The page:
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Four Ways To Tackle Diversity And Inclusion Head-On In The Workplace

Four Ways To Tackle Diversity And Inclusion Head-On In The Workplace
B&T Magazine
Edited by B&T Magazine
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Randi Bryant, chief diversity and inclusion officer for Freshworks (pictured), shares her perspective on how to ensure diversity and inclusion at work.

Whether a  school, sports team, tech startup, government agency, or Fortune 100 — companies of all types are trying to develop and execute plans to foster diverse and inclusive environments.

Over the last two decades I’ve had the opportunity to create programs that impacted organisational culture, and were woven into the fabric of a company, while providing practical skills to improve interactions.

In this time, I’ve created two D&I workplace strategies — led by the executives of the company, and others led by employees. Here, I delve into my top tips to help your business tackle diversity and inclusion head on.

Executive-led methods

Defining diversity

Put very simply, diversity in the workplace means that a company hires a wide range of diverse individuals. It is often misconceived as solely multicultural matters, however, it in fact applies to diversity of gender, race, ethnicity, age, sexuality, language, educational background, and so on.

For executives, a crucial first step is to ask, “where are we over-represented?” This may not be something you think about right off the bat, but it’s important to have an open view of this in order to know the next step to take.

For example, I once had a client that sold hockey equipment, and much of its staff were former hockey players. Once we had an understanding of where there was an over-representation, we were able to hone in on our focus.

For this specific client, our definition of diversity meant the business was to include people from other sports in the hiring process to encourage a diversity of thought within the business.

Provide alignment through leadership

An effective way to drive change forward is to empower and educate the leadership team of an organisation. This ensures that those who are capable of change are willing and ready to do so with new goals and accountability.

This could come in many forms, whether it be hiring a diversity and inclusion officer, tying diversity and inclusion to performance metrics and reviews, or even implementing diverse hiring incentives.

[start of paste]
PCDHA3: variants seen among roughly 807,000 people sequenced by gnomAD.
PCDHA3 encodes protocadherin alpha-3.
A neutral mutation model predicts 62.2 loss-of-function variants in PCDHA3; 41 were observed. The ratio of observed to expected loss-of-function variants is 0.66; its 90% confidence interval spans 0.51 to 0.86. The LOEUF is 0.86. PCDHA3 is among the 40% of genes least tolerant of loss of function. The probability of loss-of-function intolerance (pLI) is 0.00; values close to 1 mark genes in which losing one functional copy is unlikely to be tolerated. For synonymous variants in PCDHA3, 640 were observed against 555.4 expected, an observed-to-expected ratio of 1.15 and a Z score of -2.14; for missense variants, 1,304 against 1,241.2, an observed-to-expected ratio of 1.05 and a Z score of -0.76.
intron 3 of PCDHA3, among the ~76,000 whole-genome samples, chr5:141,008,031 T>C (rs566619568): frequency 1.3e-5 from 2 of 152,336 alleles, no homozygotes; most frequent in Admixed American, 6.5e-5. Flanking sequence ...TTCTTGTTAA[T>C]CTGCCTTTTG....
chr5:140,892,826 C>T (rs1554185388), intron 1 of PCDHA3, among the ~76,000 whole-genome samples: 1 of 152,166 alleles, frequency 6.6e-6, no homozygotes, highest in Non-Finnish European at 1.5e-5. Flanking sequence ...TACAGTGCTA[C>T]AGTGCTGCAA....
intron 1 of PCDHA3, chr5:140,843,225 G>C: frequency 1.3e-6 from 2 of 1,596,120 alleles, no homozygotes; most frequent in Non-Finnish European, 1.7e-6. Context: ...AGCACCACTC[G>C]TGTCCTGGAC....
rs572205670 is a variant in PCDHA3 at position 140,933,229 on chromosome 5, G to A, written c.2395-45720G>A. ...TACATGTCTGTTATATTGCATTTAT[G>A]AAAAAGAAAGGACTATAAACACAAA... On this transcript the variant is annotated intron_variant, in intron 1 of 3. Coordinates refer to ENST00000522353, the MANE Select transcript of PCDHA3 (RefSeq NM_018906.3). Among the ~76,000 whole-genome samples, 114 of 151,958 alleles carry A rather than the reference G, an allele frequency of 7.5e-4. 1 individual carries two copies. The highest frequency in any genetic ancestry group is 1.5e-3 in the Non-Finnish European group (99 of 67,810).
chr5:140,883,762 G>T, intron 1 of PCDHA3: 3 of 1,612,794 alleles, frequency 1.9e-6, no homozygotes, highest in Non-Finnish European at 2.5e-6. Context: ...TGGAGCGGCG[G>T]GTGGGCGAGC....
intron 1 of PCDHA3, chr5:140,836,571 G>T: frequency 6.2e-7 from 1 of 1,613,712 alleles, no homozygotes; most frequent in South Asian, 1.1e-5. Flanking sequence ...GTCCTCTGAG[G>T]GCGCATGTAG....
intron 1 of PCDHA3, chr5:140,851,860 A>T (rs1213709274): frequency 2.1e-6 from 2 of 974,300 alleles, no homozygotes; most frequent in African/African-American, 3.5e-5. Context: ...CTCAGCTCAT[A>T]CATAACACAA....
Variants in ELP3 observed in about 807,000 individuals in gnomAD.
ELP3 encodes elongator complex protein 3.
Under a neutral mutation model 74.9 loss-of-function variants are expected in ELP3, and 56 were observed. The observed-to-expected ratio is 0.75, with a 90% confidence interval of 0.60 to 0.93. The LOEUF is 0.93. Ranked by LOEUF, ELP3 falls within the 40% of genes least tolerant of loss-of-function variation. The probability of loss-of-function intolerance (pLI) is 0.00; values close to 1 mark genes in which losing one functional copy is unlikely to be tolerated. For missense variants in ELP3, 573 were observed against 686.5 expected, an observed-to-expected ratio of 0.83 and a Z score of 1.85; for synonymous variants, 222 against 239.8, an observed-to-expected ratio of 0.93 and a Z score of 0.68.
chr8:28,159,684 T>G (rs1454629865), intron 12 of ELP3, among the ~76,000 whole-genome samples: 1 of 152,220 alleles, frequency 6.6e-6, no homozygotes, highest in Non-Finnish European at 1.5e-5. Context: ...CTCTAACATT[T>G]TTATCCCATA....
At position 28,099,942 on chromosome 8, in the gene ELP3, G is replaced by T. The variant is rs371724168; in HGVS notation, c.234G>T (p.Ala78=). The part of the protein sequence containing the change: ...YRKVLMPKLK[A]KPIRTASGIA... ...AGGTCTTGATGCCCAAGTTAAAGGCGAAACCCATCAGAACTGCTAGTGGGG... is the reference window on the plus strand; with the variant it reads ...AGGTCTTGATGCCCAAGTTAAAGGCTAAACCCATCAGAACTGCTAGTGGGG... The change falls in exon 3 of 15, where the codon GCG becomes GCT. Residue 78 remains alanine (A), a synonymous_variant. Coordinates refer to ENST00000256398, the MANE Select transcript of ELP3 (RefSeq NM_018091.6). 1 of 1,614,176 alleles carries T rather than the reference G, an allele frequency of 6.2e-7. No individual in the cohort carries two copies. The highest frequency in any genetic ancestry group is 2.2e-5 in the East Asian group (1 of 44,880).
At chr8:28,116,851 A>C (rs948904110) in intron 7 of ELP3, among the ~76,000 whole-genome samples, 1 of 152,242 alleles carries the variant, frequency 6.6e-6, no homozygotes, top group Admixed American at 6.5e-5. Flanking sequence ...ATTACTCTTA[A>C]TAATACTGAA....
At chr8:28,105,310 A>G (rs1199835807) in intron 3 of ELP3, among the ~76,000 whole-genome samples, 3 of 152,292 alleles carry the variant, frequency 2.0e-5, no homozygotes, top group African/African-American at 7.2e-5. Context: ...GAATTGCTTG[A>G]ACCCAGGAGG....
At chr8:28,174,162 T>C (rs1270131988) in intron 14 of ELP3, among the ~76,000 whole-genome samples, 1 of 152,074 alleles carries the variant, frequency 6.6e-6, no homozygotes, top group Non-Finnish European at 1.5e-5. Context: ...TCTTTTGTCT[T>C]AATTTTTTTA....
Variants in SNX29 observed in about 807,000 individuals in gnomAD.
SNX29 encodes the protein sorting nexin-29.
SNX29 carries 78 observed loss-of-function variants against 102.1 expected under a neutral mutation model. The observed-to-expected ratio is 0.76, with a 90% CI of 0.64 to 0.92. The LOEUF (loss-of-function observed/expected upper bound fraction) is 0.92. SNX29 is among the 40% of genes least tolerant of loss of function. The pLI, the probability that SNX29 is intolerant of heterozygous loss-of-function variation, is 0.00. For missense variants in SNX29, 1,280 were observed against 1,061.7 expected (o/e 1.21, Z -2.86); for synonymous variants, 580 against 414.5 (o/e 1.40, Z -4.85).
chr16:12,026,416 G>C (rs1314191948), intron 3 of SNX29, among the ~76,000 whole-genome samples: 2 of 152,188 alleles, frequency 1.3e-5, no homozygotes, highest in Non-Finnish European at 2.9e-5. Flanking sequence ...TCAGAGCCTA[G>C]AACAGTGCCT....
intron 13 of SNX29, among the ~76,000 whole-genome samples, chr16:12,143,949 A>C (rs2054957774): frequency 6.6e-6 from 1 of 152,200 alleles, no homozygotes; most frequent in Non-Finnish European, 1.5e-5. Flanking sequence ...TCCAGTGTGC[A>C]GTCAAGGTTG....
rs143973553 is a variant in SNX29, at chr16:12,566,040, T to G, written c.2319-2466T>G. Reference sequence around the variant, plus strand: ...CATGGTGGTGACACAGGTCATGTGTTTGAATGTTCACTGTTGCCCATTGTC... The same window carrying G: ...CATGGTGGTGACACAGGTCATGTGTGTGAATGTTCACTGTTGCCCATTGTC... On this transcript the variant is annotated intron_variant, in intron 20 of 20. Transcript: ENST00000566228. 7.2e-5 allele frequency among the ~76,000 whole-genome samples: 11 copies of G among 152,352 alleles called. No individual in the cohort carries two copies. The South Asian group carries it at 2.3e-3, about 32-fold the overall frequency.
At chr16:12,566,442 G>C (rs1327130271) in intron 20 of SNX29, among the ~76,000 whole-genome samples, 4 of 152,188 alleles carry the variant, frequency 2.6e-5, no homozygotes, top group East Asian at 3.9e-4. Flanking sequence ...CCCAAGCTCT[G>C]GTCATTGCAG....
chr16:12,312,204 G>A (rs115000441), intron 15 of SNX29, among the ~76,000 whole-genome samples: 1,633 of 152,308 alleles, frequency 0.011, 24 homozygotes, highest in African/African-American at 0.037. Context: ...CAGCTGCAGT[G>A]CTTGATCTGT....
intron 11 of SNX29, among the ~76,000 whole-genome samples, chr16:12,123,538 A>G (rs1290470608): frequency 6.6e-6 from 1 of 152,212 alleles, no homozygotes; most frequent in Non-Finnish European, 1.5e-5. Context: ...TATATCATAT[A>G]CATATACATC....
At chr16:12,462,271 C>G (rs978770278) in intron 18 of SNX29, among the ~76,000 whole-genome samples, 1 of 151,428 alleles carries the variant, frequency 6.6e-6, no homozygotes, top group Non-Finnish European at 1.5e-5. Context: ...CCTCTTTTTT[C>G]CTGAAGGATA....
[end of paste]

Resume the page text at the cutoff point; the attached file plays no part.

The bottom line is that diversity and inclusion need greater priority within organisations, and leadership is an important driving force.

Employee-led methods

Start conversations from the bottom-up

It’s not just enough to look at diversity and inclusion from the perspective of the executives, but rather to get a holistic view. How can you do this? By getting everyone in the company involved, including your employees.

A climate survey is a great way to make this happen as they are generally used to assess the strengths and weaknesses of a company from an organisation-wide perspective.

Provided that the survey is designed and conducted properly, the information it collects can be used to gain an internal understanding of the company that no external consultant would ever be able to contribute.

Besides its benefits for employers, conducting a climate survey also gives employees the chance to voice their opinions through an official tool.

The simple fact of allowing workers to express their opinion and know that it will be heard and taken into account by the company management is an improvement in the work environment itself.

Another way to get them involved is by introducing ongoing opportunities for employees to elevate their thoughts.

For example, at Freshworks, we’ve been doing “Weekly Global Conversations”, where employees have a safe space to share their culture with the wider team. Not only has this enabled open conversations to take place, but it has allowed everyone to learn something new.

Employee Resource Groups (ERGs)

We know that innovation can only flourish when employees feel safe bringing their whole selves to work and utilising Employee Resources Groups (ERGs) can be a powerful tool to do this. According to Catalyst, ERGs are “voluntary, employee-led groups that foster a diverse, inclusive workplace aligned with organisational mission, values, goals, business practices, and objectives”.

First created by former Xerox CEO Joseph Wilson in the 1960s, ERGs build high-trust relationships that help companies flourish.

They also help groups foster a sense of belonging and inspire conversation, bringing new ways to look at issues and drive innovation.

When there are gaps in experiences, leaders often turn to ERGs to ensure that everyone, regardless of role or demographic, can succeed. Today, many companies continue to experience the effectiveness of employing ERGs, including Freshworks, EY, AT&T, Johnson & Johnson and KPMG.

Tackling diversity and inclusion is by no means a tick box exercise, but rather something that needs to be constantly monitored, reviewed and widely encouraged. It’s also about recognising that being different is a strength and ultimately, it’s these differences that bring about the greatest innovation.

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